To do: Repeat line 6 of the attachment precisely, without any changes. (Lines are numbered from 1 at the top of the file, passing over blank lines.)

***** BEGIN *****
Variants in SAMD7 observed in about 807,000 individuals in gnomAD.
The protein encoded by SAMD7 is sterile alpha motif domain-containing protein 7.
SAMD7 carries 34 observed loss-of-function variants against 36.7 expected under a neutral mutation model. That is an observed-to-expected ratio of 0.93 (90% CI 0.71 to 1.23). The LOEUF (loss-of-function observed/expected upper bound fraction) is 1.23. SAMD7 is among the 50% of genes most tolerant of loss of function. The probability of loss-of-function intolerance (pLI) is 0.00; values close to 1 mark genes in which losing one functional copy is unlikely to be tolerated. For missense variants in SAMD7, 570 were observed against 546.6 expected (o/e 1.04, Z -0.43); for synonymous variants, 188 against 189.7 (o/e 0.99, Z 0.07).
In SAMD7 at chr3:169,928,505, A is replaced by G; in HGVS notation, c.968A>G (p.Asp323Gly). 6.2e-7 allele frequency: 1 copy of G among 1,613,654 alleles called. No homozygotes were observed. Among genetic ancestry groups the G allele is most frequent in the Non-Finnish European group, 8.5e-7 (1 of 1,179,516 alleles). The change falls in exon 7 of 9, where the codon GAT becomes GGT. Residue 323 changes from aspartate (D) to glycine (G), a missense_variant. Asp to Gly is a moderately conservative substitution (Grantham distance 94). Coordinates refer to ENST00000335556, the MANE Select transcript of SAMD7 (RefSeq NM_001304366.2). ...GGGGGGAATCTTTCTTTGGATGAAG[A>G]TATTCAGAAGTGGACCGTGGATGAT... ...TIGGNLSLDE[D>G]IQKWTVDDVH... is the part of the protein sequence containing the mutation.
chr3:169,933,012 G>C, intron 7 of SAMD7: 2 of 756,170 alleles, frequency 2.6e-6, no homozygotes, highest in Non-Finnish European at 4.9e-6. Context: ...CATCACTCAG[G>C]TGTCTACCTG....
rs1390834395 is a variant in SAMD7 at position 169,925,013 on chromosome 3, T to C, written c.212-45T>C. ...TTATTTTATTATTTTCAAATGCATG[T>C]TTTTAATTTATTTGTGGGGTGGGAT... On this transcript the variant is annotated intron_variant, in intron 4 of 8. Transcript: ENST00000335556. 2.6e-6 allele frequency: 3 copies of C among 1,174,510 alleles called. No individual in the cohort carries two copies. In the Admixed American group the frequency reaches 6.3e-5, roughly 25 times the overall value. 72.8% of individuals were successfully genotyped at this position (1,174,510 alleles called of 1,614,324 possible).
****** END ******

rs1390834395 is a variant in SAMD7 at position 169,925,013 on chromosome 3, T to C, written c.212-45T>C. ...TTATTTTATTATTTTCAAATGCATG[T>C]TTTTAATTTATTTGTGGGGTGGGAT... On this transcript the variant is annotated intron_variant, in intron 4 of 8. Transcript: ENST00000335556. 2.6e-6 allele frequency: 3 copies of C among 1,174,510 alleles called. No individual in the cohort carries two copies. In the Admixed American group the frequency reaches 6.3e-5, roughly 25 times the overall value. 72.8% of individuals were successfully genotyped at this position (1,174,510 alleles called of 1,614,324 possible).